The main benefit of aggregation is that it positions the City to achieve a more sustainable electricity supply for residents and businesses by requiring a 100% renewable energy program content at a competitive price.

What if I want to keep using traditional energy (fossil fuels)?
If you want to be enrolled in the City’s program but would prefer for your supply to be sourced from fossil fuels, you can choose a “step-down” option.

SOPEC appears to use AEP Energy exclusively, and the rates it has negotiated for current governments according to its website appear to be somewhat lower than current AEP rates. How do these compare in an apples-to-apples comparison with other companies? Does SOPEC test the market with other companies?”
SOPEC and AEP Energy have a Government Aggregation Master Retail Electric Supply Agreement. New SOPEC member communities can participate in an amendment process to the SOPEC/AEP Energy contract.

Timing is one of the most important considerations relative to rates. SOPEC works with its member communities to lock in competitive fixed-term pricing, for one to three years. Price stability is of primary concern and the reason SOPEC does not utilize variable pricing.

To ensure competitiveness, SOPEC pays close attention to the local utility auction. SOPEC’s Government Aggregation Master Retail Electric Supply Agreement with AEP Energy allows it to closely watch energy markets on a daily basis, and to receive daily pricing information from AEP Energy. This information gives SOPEC the ability to provide weekly or daily analysis to SOPEC communities regarding the smartest time to lock in pricing. It also allows SOPEC to be nimble and responsive to a fast-moving energy market that is based on a commodity. Since the energy market fluctuates, comparisons to apples-to-apples pricing fluctuates as well.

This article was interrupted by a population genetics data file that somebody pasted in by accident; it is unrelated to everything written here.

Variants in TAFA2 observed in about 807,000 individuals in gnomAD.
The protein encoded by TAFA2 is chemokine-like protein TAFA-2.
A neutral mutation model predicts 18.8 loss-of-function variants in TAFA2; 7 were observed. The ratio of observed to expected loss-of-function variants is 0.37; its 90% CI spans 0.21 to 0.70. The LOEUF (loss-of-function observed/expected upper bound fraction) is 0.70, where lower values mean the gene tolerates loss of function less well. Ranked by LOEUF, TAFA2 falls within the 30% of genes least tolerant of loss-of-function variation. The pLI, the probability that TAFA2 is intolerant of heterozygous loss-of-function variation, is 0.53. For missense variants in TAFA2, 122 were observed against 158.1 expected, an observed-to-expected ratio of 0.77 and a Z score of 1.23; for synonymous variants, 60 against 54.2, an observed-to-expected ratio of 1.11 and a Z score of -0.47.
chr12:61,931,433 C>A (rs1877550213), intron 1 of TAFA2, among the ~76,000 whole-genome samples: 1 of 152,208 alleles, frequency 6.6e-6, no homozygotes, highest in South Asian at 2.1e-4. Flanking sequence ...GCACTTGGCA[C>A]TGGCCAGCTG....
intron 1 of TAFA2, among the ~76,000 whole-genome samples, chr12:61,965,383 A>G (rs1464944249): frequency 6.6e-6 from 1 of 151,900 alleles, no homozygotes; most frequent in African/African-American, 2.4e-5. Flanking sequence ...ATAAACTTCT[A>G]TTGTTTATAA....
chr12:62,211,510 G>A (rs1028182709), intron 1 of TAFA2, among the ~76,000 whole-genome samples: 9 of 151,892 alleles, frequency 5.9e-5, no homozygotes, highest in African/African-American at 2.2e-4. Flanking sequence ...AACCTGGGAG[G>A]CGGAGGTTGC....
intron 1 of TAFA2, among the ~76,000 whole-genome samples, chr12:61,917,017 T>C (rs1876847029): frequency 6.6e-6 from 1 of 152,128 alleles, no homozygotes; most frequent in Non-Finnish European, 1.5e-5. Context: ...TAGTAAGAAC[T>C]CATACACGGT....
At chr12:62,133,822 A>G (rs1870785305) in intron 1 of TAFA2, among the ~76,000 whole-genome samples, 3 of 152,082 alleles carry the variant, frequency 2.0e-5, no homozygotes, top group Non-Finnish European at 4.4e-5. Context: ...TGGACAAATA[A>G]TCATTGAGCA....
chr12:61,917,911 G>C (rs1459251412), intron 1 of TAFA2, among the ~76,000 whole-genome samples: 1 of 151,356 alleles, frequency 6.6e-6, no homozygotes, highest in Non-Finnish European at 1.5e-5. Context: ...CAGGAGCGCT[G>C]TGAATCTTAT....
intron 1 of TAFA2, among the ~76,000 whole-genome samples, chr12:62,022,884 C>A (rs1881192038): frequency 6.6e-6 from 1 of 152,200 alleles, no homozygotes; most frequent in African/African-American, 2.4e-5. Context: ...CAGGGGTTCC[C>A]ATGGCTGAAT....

It says its supply is 100% “green.” How is this defined? What are the sources? Is it the same thing as 100% “carbon free?”
The base power purchased on the open market by AEP Energy for SOPEC comes from various sources. However, all SOPEC communities also utilize what are called Renewable energy certificates (or credit) (“RECs”) to obtain electric aggregation programs featuring 100% renewable energy. SOPEC utilizes what are known as Green-e® RECs, which are the gold standard RECs and are predominantly made up of Midwest wind. SOPEC and AEP Energy investigate the RECs to ensure no environmental or fishery concerns. Carbon-free is a different concept and includes nuclear sources. SOPEC only utilizes wind, solar, and hydropower for its RECS.

If SOPEC offers a better rate during the term of Upper Arlington’s contract to another aggregated client, would Upper Arlington receive the lower rate?
The electricity rate for a member community’s electric aggregation program is determined when that particular community locks in its electricity rate. That timing is up to the community and often when a community, with SOPEC helping to guide that decision. Upper Arlington’s rate would be determined by the timing of when the community chose to lock its rate for a fixed term of one-to-three years. The rate would be set during that one-to-three year-period and would not be impacted by subsequent program decisions made by other communities.